I was very late in discovering the Ruth Galloway series by Elly Griffiths but since reading my first one two years ago, I have devoured the books and was eagerly anticipating this one. Taking Ruth out of her comfort zone is a big gamble but is one that’s has definitely paid off and it has enabled us to take a peek into her past whilst also exploring more of her relationship with best friend, Shona. Although Ruth is brought to Italy on the premise of assisting with recently discovered bones, the archaeology takes a bit of a back seat as she realises that there are more pressing matters that threaten their idyllic break. Somebody clearly doesn’t want Ruth there and she begins to fear, rightly so, that her life may be in danger.

I had feared that with the story being set in Italy, we would see less of the other characters we have come to know and love, but this was not to be the case. Running alongside the main plot, is a sub-plot about a released prisoner who bears a grudge against DCI Harry Nelson. Despite having this and huge upheaval in his personal life to contend with, Nelson finds his way out to Italy, accompanied by Cathbad, when news of a disaster reaches him. Throughout the books, we have seen Nelson struggle with his feelings for Ruth and this becomes even more heightened due to everything that is currently going on in his life. He is becoming more and more of a tortured soul and, depending upon the climax of a particular storyline, we could soon see him being tipped firmly over the edge!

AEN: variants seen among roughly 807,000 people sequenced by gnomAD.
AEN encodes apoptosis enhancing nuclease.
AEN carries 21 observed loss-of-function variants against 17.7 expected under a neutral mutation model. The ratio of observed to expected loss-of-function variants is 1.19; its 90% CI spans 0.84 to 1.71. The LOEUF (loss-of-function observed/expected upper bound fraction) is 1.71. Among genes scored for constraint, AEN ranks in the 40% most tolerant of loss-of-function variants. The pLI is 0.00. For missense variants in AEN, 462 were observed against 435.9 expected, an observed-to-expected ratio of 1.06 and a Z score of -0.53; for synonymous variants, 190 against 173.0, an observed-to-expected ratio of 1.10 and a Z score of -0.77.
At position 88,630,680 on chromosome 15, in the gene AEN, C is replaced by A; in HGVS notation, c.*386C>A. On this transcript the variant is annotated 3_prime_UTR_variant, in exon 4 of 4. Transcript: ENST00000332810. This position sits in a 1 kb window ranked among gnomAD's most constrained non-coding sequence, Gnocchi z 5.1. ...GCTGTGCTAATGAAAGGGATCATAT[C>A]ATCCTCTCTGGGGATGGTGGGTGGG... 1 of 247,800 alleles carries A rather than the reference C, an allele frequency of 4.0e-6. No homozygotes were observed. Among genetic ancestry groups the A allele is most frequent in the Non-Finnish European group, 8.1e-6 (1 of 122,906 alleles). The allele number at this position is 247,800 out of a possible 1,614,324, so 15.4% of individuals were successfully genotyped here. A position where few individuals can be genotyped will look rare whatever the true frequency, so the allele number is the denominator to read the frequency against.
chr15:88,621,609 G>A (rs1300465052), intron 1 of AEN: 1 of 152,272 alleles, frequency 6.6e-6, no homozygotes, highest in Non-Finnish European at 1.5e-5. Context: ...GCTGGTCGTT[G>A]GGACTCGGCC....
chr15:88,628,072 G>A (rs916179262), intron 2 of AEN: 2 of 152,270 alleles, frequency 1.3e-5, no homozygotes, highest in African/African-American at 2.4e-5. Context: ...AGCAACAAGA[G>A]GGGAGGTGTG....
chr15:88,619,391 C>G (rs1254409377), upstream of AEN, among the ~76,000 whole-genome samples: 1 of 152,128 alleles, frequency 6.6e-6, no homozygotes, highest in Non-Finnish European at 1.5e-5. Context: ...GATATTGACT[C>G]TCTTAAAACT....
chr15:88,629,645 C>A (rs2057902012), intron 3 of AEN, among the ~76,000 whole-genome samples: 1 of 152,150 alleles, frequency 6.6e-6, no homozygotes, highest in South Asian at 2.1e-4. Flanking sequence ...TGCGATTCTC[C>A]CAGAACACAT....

The most shocking part of the book is reserved for the final chapters when a major event occurs that will have repercussions for several of the characters. Without going into too much detail, I was genuinely upset by what happened but, at the same time, can’t wait to see what the consequences will be.

If you have never read any of the Ruth Galloway series, please do as I don’t feel you will be disappointed. For anyone who is already a fan, The Dark Angel is a welcome addition to an already brilliant series.

With thanks to Quercus and Net Galley for my ARC.

 

The Blood Card by Elly Griffiths

The year is 1953 and the coronation of the new queen is imminent. When the murder of Colonel Cartwright, the former wartime commander of DI Edgar Stephens and Max Mephisto, is discovered, they begin to wonder if this is another link to the shadowy Magic Men after a playbill containing the name of another deceased comrade is found amongst his possessions. With investigations into the death of fortune teller, Madame Zabini, and Max’s forthcoming TV appearance, Stephens has his work cut out when he fears an anarchist group is plotting to make the coronation go off with a bang…